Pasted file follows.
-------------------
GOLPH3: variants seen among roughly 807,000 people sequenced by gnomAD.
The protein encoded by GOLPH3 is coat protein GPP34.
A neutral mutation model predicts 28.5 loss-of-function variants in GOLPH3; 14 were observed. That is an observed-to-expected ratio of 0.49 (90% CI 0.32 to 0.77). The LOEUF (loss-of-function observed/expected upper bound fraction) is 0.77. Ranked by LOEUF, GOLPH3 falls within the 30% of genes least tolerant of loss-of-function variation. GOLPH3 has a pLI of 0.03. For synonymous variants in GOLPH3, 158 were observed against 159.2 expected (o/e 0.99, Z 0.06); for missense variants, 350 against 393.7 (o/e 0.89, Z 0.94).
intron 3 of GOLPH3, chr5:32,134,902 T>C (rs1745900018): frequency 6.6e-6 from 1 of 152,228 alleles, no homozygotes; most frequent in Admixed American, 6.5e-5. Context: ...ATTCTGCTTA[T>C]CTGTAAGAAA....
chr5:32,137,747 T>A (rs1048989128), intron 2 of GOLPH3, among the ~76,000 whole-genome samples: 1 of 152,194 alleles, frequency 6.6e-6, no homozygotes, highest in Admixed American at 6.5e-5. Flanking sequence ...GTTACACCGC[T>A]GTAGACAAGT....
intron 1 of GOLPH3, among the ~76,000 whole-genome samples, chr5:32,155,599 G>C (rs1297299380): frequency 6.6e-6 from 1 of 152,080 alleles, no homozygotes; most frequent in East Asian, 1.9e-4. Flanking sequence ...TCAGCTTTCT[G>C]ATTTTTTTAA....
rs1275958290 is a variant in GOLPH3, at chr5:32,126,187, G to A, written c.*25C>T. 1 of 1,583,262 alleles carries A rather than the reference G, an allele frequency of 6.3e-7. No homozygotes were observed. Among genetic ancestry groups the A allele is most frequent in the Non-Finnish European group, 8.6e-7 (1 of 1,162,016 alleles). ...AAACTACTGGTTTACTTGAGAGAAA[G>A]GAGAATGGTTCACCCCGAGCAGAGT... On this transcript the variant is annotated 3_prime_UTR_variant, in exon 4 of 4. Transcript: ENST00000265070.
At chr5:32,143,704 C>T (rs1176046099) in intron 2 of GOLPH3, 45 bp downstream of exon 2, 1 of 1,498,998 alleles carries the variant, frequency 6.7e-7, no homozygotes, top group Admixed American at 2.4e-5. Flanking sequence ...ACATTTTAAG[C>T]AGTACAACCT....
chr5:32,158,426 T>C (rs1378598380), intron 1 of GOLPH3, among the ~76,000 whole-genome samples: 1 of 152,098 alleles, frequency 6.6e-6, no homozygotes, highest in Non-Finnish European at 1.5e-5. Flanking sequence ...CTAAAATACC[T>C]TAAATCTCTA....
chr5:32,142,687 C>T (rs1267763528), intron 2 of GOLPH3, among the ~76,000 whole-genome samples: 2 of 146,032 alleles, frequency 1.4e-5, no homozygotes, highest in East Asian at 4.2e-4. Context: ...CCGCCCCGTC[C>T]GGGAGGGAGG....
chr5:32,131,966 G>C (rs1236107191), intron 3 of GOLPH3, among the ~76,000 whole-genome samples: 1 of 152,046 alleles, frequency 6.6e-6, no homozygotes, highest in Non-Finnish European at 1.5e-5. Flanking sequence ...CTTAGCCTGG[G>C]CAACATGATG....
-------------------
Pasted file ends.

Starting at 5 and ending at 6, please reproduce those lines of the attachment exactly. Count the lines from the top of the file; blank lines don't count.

chr5:32,137,747 T>A (rs1048989128), intron 2 of GOLPH3, among the ~76,000 whole-genome samples: 1 of 152,194 alleles, frequency 6.6e-6, no homozygotes, highest in Admixed American at 6.5e-5. Flanking sequence ...GTTACACCGC[T>A]GTAGACAAGT....
intron 1 of GOLPH3, among the ~76,000 whole-genome samples, chr5:32,155,599 G>C (rs1297299380): frequency 6.6e-6 from 1 of 152,080 alleles, no homozygotes; most frequent in East Asian, 1.9e-4. Flanking sequence ...TCAGCTTTCT[G>C]ATTTTTTTAA....